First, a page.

Nine days of runway shows after weeks in Milan, London, and New York City can make a cynic of even the most enthusiastic of fashion fans, however this season Paris did a lot to revive the heartbeat of fashion with a stellar week of outings.
This week all eyes were turned to Celine to watch how Hedi Slimane would put his touch on the house. That touch felt as though it had recently thrown out the codes established by predecessors to pick up where Slimane left off at Saint Laurent resulting in a high score, from Chief Impressionist Kenneth Richard, but not making his Top 10 for Paris.
The morning after the Celine show, Haider Ackermann hit me with his fresh and edgy vision of what the new Parisian cool could be. Between his laser cuts and laser focus on new proportions, especially power suiting, I felt he inadvertently picked up the Celine codes to march their customers his way.
John Galliano too played with the concept of power and suiting in his take on the new rules of gender in the Maison Margiela collection. The collection opened with a film by Fabien Baron that trickled onto the screens of accessories carried by the models down the catwalk and eloquently captured the wave of change taking place regarding gender norms.
Alessandro Michele has been blending gender norms for several seasons now for Gucci and brought that sprit to Paris at the Théâtre Le Palace, a disused theatre with a past as a hedonistic 1980s nightclub. A clear plastic pouch of assorted spring bulbs served as the invitation which implied a new spring bloom to come. The collection didn’t disappoint, staying in tune with Michele’s codes while 71-year-old singer and actress Jane Birkin, emerged from her front row seat to sing “Baby Alone in Babylone.”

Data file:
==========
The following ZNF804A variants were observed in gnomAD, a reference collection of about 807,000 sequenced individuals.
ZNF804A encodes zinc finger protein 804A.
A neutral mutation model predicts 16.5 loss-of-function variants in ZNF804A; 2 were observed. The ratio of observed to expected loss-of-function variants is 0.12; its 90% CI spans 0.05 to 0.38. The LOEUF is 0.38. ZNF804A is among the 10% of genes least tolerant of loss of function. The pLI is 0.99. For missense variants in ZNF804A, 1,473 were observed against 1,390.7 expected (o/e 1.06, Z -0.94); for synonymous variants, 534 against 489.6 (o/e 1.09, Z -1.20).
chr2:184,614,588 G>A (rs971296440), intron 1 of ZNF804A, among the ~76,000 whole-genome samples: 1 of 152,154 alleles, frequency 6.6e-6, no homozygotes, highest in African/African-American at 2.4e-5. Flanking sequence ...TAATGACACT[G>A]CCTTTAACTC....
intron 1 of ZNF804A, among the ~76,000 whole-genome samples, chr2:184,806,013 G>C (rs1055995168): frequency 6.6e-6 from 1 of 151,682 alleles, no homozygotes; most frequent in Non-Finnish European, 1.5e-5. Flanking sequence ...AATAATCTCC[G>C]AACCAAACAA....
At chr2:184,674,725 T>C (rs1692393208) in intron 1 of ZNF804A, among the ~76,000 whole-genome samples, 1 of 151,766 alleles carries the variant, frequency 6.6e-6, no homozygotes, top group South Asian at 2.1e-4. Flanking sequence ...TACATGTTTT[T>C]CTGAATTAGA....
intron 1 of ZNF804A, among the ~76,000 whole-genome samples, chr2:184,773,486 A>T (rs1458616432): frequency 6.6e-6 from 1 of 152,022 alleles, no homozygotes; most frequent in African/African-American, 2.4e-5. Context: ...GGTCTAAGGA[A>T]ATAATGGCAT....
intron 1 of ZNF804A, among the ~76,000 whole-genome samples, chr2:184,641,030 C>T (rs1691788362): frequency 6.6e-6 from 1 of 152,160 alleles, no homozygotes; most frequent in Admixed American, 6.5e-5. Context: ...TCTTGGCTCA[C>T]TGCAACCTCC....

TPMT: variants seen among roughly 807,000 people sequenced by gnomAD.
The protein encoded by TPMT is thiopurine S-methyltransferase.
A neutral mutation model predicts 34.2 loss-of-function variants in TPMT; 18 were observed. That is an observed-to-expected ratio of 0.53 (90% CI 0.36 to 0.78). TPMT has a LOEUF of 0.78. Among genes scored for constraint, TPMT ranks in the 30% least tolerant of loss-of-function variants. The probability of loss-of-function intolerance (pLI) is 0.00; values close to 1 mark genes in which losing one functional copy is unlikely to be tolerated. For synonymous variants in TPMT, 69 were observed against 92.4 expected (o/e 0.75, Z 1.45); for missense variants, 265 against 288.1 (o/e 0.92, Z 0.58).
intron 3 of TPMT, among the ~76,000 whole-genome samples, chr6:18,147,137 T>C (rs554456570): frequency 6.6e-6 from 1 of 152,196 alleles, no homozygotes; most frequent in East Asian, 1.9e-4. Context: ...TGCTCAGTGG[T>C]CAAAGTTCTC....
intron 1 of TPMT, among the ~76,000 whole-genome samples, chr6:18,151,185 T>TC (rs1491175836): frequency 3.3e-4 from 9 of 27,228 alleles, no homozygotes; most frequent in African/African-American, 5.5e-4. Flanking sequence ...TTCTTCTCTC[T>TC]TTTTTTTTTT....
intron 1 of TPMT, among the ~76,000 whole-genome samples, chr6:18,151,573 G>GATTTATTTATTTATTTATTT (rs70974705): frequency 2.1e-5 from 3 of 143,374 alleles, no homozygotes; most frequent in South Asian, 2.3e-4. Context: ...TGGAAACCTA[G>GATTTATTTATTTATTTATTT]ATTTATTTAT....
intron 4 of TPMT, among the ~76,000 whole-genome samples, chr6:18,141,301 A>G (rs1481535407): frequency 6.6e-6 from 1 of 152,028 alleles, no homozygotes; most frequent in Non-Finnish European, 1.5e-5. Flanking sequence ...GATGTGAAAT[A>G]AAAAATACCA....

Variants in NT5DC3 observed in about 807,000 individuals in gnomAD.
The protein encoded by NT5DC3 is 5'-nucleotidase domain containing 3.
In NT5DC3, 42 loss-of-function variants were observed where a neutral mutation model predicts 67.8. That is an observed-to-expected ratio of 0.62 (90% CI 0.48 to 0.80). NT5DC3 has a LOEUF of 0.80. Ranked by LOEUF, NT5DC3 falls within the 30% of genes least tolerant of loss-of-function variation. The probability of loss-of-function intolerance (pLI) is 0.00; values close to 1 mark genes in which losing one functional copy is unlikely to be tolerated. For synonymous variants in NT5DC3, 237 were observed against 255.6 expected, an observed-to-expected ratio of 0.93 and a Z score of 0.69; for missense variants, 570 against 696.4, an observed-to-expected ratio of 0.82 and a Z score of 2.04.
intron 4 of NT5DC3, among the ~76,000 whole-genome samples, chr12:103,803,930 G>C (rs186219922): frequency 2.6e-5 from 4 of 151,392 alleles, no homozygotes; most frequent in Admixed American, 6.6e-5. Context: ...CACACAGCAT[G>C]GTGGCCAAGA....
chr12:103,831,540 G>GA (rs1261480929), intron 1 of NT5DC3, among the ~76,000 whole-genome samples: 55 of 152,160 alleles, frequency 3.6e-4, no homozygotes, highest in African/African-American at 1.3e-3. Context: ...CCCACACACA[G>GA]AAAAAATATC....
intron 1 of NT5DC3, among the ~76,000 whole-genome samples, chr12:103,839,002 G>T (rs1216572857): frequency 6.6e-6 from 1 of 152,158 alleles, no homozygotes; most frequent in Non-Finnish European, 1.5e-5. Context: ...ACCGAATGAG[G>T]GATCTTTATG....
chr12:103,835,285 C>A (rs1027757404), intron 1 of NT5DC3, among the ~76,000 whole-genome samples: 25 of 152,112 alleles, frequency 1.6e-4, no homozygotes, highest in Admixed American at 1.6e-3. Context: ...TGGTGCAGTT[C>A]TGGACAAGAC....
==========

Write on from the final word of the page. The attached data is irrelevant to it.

Fresh off his recent sale to Puig, Dries Van Noten delivered a clean, impactful, and fresh take on spring. Balancing stark white with bright bust of primary colors, the designer quickly laid to rest any concerns of a parent companies involvement in the designer’s vision.
Pierpaolo Piccioli started his Valentino collection with sophisticated and somber tones of black and crimson, to suddenly burst out to one of the best conceived colorful collections of the season. Blending sequins, feathers, tropical patterns, the design matched is desert cactus flower themed setting perfectly resulting in a standing ovation from his supporters.
Karl Lagerfeld is never one to shy away from big productions at Chanel and was happy to continue to make waves at the Grand Palais this season building a beach set complete ocean waves, sand, and the sound of gulls. Models strolled through the waves, shoes in hand. It would be easy in this idyllic setting to loose sight of the collection which was the warmest, most feminine Chanel collection in recent memory, provoking the word ‘lovely’ from our Chief Impressionist. A term he rarely uses.
Sarah Burton brought a romantic warrior edge to her Alexander McQueen collection. Models wove their wave on set between artistic rock formations, while sporting romantic printed flowing frocks. Razor-sharp trouser suits and 3D printing were married with cutouts and silver fringing to give both a sense of strength and a fragility.
The combination also bode well for Maria Grazia Chiuri with her Christian Dior collection inspired by dance. The collection kicked off Paris fashion week setting a high bar, or ballet bar, for other houses to rise to. The collection of muted neutrals with feminine flourishes was both dreamy and strong. Taking Dior’s new look proportion and giving it a soft hand necessary to be relevant today.
Yesterday, today, and tomorrow were at the core of designer Nicolas Ghesquière’s Louis Vuitton collection which addressed the theme of female empowerment. The patterns reminded us of 80’s video games, while the proportions where blends of Renaissance meets space suits. Set at the internal courtyards of the Louvre in a tunnels that would of bode well for Stanley Kubrick’s 2001: A Space Odyssey, the collection was a forward looking statement about how women could dress today. The answer isn’t as simple as one note, which is why this complex collection made Chief Impressionist, Kenneth Richard, top of list.
Here are The Impression’s Top 10 Paris Collections for Spring 2019 as chosen by our Chief Impressionist, Kenneth Richard.